Coloradan Kuss has proven himself to be one of the best climbers in the world through August’s pre-Tour race block, and Wout van Aert has shown he can do almost anything he turns his eye to, whether it be winning on the gravel climbs of Strade Bianche, the last-ditch sprint of Sanremo, or a reduced bunch kick at the Dauphiné.
The pair make for two significant aces up Jumbo-Visma’s yellow and black sleeve.
While Kuss has been commanding all the attention in the past month, George Bennett has also been showing himself to be one of the top mountain domestiques out there right now, floating his way through the mountains at the Tour de l’Ain while having the versatility to take second-place at Il Lombardia.
Together with ever-reliable and massively-experienced Robert Gesink, Kuss and Bennett make up a formidable fleet of helpers for Roglič and Dumoulin, more than able to win stages themselves, and able to “do an Ineos” with their collective strength in the mountains.
It’s not all about the climbers though.
Jumbo-Visma rounds out its roster with Amund Grøndahl Jansen, the late replacement for Kruijswijk, and the massive motor and wise head of Tony Martin. Despite being the least-known name on the team, former Norweigan national champion Grøndahl Jansen has two Tours already to his name and a big engine to help Martin control the bunch.
The post-COVID season was going great for Jumbo-Visma – until it wasn’t. The crash-riddled fourth stage of the Dauphiné turned its trio of leaders into a duo, and left Roglič reeling and in a late battle for form.
While the team may have the collective strength to make do without Kruijswijk, the question mark over their Slovenian star could prove pivotal in how the Tour de France plays out. Roglič won’t be able to cruise through a snoozey opening week of sprint stages as he nurses himself back to health, and needs to be on the ball from as early as the mountains of Nice in stage 2.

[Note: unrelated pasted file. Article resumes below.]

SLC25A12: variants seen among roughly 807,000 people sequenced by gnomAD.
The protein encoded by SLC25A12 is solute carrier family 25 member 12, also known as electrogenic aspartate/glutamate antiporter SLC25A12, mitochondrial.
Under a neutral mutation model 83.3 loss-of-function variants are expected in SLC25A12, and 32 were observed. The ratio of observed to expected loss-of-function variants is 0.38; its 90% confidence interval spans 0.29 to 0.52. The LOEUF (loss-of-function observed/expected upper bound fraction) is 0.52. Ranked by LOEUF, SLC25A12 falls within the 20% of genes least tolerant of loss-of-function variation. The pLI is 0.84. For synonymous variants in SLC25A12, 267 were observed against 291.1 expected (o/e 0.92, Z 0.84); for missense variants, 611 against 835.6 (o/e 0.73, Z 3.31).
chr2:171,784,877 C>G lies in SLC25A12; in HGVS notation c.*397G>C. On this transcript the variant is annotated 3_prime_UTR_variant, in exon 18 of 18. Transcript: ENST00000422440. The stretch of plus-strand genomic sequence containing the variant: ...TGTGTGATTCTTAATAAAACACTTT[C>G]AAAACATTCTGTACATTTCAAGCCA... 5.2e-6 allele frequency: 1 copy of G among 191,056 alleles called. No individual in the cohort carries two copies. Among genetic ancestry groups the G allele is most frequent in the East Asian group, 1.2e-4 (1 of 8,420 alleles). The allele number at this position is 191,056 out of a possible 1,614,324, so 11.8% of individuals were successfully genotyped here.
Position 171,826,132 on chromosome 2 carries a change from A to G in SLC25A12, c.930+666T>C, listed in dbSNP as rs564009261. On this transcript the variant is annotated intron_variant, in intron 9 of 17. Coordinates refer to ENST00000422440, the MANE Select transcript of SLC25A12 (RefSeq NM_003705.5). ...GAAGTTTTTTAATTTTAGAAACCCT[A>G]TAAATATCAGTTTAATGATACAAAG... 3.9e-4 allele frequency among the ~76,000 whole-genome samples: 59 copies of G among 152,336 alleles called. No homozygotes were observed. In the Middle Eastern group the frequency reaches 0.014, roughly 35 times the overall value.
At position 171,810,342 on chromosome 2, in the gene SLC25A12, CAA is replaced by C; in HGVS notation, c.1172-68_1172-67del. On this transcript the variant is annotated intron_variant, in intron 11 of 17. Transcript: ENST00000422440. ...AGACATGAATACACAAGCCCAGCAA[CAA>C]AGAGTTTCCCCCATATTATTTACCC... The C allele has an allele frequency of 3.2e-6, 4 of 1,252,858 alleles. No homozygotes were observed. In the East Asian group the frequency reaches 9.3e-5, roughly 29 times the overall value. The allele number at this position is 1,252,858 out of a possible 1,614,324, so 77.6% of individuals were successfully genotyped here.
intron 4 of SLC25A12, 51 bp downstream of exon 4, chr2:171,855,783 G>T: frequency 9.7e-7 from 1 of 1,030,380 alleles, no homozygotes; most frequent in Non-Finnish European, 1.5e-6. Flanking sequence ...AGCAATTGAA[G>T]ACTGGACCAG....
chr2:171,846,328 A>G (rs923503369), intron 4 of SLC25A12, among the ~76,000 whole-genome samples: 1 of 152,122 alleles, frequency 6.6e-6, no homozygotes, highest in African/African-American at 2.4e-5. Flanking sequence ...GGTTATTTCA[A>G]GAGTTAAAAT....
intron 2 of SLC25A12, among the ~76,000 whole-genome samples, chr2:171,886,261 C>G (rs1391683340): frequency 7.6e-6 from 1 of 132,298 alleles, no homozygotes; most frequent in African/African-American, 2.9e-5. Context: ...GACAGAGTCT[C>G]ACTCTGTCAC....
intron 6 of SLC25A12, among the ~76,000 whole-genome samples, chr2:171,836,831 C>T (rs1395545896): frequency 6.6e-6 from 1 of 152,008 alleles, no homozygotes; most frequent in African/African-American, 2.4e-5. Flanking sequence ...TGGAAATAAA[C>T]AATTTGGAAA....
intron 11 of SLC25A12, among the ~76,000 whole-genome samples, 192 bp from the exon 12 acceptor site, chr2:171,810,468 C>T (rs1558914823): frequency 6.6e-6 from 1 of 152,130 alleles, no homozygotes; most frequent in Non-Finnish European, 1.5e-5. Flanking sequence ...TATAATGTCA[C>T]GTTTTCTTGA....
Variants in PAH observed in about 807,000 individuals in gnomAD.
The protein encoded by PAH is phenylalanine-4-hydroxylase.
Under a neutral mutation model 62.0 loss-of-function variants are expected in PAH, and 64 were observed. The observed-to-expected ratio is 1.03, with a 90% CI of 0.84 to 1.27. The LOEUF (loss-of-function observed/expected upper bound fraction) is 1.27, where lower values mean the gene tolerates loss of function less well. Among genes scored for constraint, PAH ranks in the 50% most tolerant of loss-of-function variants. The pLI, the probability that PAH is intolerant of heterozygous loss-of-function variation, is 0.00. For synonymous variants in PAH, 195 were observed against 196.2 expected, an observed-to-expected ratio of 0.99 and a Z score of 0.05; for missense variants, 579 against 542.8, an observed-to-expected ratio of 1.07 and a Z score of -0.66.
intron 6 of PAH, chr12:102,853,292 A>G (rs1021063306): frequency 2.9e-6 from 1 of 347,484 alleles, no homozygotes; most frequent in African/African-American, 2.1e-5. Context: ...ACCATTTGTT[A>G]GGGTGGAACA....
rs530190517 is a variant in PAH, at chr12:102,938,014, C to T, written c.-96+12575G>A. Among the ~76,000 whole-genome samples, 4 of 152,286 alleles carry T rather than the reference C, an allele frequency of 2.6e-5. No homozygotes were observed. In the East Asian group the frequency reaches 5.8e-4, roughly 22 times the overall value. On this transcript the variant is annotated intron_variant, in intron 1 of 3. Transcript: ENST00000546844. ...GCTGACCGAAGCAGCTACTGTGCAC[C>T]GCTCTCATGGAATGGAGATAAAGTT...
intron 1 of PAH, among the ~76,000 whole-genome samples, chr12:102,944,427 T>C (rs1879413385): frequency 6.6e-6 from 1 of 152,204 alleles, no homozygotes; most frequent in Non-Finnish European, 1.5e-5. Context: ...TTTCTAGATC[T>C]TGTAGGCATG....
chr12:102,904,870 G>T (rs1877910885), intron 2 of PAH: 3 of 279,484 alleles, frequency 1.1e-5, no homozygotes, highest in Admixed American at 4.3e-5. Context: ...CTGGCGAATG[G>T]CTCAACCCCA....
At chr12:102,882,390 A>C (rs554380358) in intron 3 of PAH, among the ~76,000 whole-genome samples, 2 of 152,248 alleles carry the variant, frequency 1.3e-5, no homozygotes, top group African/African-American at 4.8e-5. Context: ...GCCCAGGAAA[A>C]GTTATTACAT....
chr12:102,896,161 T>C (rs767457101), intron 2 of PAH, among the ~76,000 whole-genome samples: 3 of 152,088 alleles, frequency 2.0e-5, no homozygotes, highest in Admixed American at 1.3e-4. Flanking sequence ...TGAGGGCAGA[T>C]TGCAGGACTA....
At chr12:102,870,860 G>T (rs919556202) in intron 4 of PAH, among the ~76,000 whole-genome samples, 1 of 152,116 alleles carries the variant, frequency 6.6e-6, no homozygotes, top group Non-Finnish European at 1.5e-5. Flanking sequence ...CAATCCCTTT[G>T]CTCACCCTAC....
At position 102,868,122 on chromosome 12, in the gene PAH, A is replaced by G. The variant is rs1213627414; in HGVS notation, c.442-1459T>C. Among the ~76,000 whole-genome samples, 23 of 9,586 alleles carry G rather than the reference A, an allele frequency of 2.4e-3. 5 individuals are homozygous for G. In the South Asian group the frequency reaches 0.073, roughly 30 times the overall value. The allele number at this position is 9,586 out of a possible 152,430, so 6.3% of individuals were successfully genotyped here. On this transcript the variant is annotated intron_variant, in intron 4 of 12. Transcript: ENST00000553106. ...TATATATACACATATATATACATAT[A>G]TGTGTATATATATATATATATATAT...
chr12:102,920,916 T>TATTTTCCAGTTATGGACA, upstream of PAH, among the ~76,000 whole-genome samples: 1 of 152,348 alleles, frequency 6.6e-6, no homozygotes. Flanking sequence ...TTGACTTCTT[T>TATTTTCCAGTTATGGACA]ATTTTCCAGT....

The intrigue around Roglič stretches beyond the masses of road rash and bruises he picked up in the Alps earlier this month.
The 30-year-old was last on the type of imperious form he’s shown in the past month shortly before the wheels came out from underneath his Giro d’Italia campaign in 2019, where he flew high for two weeks before losing his grip on victory to cling on for a consolation third place. While Roglič and his team are undoubtedly older and wiser after scooping victory at the Vuelta a España last summer, the memory continues to nag at the back of the mind.
It’s not all about the Slovenian though – Dumoulin looked nearly back to peak form earlier this month, and if he continues his upward trajectory, will have the legs and the experience to mark himself as one of the top contenders behind five-star favorites Roglič and Bernal.
If there’s any year that Team Sky / Ineos / Ineos Grenadiers is going to be unseated from its Tour de France throne, it’s this one.
Three weeks ago, the balance of power was firmly shifted toward the dominant Dutch outfit. However, with Ineos bolstered and Jumbo-Visma battered, the scales could tip one way or the other in the 21 days of explosive, ruthless racing on tap for this year’s Tour.
Buckle your seatbelt, it should prove one heck of a watch.